For nine months of the year, our lawn was covered in dead grass, exacerbated by the ongoing drought in California. We questioned the necessity of maintaining a large grassy area that required copious amounts of water. Instead of settling for yellowed grass as a temporary solution, we decided to embark on a journey of transforming our lawn into a lush clover paradise. Join me as I share the process of replacing our unsightly lawn with an eco-friendly alternative – clover!
Additionally, crabgrass, fox tails, and other prickly weeds had also taken over the large front yard, making it pretty unpleasant for humans and dogs to enjoy. What a waste!
My goal was to transform this dead/wasteful lawn into an attractive, sustainable space. Follow along as I replace this eyesore of a front lawn with an eco-friendly lawn alternative – clover!
Why choose clover?
Clover is an excellent substitute for traditional grass lawns, offering several advantages
- Drought Resistance: Clover thrives with significantly less water compared to grass lawns, making it ideal for water-scarce regions like California.
- Soil Adaptability: Unlike grass, clover doesn’t demand specific soil conditions or fertilizer. It can flourish in almost any soil type.
- Durability: Clover is resilient and can withstand foot traffic, making it perfect for pathways and yards.
- Low Maintenance: While mowing clover is an option to maintain a compact appearance, letting it grow taller adds an attractive dimension to your lawn. Additionally, clover handles dog urine better than grass, a boon for pet owners.
Which clover is right for me?
There are many varieties of clover available. White clover is a popular pick and comes in standard and micro-size varieties. Crimson clover is another popular pick for those who are looking to add color to their lawn. These clovers are widely available in garden stores and online.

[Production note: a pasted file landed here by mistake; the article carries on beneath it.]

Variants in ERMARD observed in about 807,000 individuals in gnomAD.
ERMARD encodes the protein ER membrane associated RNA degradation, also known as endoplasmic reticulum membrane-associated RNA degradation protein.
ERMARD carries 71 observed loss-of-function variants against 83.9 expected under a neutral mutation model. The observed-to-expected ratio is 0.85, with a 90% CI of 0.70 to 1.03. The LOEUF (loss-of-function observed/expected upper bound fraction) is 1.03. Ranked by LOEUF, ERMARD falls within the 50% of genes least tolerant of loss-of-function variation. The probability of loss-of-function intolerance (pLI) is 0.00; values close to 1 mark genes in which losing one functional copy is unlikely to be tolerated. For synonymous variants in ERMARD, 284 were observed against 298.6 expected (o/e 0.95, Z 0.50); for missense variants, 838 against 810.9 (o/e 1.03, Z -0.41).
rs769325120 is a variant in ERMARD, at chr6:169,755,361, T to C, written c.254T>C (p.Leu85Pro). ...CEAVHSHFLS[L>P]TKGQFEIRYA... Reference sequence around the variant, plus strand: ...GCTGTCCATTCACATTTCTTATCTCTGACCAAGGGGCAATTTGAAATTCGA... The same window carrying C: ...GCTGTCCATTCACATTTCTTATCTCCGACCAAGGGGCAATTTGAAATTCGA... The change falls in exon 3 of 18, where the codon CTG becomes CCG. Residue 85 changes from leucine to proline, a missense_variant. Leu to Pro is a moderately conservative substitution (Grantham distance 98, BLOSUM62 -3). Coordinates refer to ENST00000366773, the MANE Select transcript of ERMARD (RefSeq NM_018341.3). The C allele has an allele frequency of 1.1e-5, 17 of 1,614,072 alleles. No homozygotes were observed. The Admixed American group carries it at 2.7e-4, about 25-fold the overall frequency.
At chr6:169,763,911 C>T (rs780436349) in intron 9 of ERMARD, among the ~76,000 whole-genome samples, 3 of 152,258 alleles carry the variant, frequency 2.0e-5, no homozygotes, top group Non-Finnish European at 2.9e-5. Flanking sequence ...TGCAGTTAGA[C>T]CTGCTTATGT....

Clovers that are native to your region are the best clover to grow. For example, Tomcat clover, a vibrant pink clover, is native to the west coast and is a great, native clover for the area.
Going from grass to clover
Prep and Seeding
To go from grass to clover, we first removed the existing grass lawn. This meant digging up the grass and the top 6 inches of soil with it to rip out the grass root system.
Next, we replaced the topsoil with bags of garden soil. In all, it took 10 or so bags to cover the exposed dirt.
Using a mix of clover, I threw seeds to cover the soil. Next, I threw a thin layer of soil to provide a 1/4-inch layer on top of the seeds. I watered generously.
I continued watering in the evenings for two weeks.
After two weeks, groupings of seedlings popped up across the yard. Edges and a couple of downslope areas seemed to be doing the best. Water is key in getting your clover to take, initially.
After two months, the lawn is a bit patchy. The areas that receive more shade are doing better than the side of the grass that is in bright sunlight for most of the day.
We’re dealing with some pretty pesky crabgrass, and reseeded the clover over the grass to fight it off a bit. I used Tomcat clover to reseed, excited to reintroduce a native plant into the area.
Overall, I love the look of clover and the journey from grass to clover is one that I’m happy to make. It’s certainly a learning process, and as I learn more about natives, I look forward to using those as much as possible.
One-Year Update – May 2023
Let me share an update on the clover lawn today.
Over the last few months, with the help of an unusual amount of rain here in California, the clover lawn really took off. I love the full, natural look, so I haven’t mowed the lawn and let the clover grow and flower.